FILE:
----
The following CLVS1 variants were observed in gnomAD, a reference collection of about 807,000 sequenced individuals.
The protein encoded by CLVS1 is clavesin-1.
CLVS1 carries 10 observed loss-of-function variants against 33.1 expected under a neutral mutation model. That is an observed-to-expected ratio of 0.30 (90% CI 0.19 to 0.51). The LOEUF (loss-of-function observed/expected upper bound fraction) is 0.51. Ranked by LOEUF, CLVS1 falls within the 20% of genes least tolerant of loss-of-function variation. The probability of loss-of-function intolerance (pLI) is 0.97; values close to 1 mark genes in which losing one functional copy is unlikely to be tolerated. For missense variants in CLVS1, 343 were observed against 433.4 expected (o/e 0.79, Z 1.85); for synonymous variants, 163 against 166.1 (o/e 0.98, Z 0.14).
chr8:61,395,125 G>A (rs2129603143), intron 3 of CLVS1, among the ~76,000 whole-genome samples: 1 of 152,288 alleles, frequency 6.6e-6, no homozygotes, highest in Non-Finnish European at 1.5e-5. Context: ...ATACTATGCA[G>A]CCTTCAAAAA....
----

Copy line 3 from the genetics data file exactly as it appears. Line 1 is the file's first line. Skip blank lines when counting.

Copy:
CLVS1 carries 10 observed loss-of-function variants against 33.1 expected under a neutral mutation model. That is an observed-to-expected ratio of 0.30 (90% CI 0.19 to 0.51). The LOEUF (loss-of-function observed/expected upper bound fraction) is 0.51. Ranked by LOEUF, CLVS1 falls within the 20% of genes least tolerant of loss-of-function variation. The probability of loss-of-function intolerance (pLI) is 0.97; values close to 1 mark genes in which losing one functional copy is unlikely to be tolerated. For missense variants in CLVS1, 343 were observed against 433.4 expected (o/e 0.79, Z 1.85); for synonymous variants, 163 against 166.1 (o/e 0.98, Z 0.14).